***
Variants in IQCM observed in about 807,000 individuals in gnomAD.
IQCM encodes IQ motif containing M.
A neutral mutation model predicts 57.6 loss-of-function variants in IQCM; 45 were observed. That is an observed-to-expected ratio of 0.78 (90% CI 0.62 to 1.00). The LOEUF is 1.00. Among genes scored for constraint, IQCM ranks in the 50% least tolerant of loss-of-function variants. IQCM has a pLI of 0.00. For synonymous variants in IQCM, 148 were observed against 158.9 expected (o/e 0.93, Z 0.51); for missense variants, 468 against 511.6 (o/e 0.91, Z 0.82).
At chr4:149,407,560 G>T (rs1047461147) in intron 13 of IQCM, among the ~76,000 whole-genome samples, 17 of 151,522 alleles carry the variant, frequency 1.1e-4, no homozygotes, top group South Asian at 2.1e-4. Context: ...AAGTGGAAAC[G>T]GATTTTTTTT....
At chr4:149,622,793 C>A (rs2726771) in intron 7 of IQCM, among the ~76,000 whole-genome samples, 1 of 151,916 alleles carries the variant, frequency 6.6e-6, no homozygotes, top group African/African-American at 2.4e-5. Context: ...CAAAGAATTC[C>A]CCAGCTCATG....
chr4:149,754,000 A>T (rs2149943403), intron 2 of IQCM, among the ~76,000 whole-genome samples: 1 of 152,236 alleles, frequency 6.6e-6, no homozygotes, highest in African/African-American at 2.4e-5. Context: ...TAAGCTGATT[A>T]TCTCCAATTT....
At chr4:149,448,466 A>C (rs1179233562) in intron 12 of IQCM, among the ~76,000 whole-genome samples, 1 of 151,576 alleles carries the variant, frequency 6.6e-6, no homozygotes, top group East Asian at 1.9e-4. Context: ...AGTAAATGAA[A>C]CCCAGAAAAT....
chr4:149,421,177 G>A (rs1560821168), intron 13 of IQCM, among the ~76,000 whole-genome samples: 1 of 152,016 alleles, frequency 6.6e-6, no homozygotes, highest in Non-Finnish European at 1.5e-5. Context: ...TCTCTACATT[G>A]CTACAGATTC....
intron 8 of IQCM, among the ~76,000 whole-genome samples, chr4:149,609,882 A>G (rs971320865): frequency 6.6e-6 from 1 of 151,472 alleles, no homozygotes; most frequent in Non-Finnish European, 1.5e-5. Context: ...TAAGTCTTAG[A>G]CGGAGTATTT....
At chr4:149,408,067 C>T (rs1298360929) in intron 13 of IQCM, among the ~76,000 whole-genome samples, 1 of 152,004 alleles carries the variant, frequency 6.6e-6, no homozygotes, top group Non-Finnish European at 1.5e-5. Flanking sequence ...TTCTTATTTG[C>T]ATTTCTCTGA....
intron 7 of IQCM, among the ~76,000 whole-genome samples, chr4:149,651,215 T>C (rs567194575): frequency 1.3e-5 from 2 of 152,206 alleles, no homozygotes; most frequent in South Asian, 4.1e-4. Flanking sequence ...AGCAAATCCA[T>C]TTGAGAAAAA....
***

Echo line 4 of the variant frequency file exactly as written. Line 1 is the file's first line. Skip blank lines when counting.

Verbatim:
At chr4:149,407,560 G>T (rs1047461147) in intron 13 of IQCM, among the ~76,000 whole-genome samples, 17 of 151,522 alleles carry the variant, frequency 1.1e-4, no homozygotes, top group South Asian at 2.1e-4. Context: ...AAGTGGAAAC[G>T]GATTTTTTTT....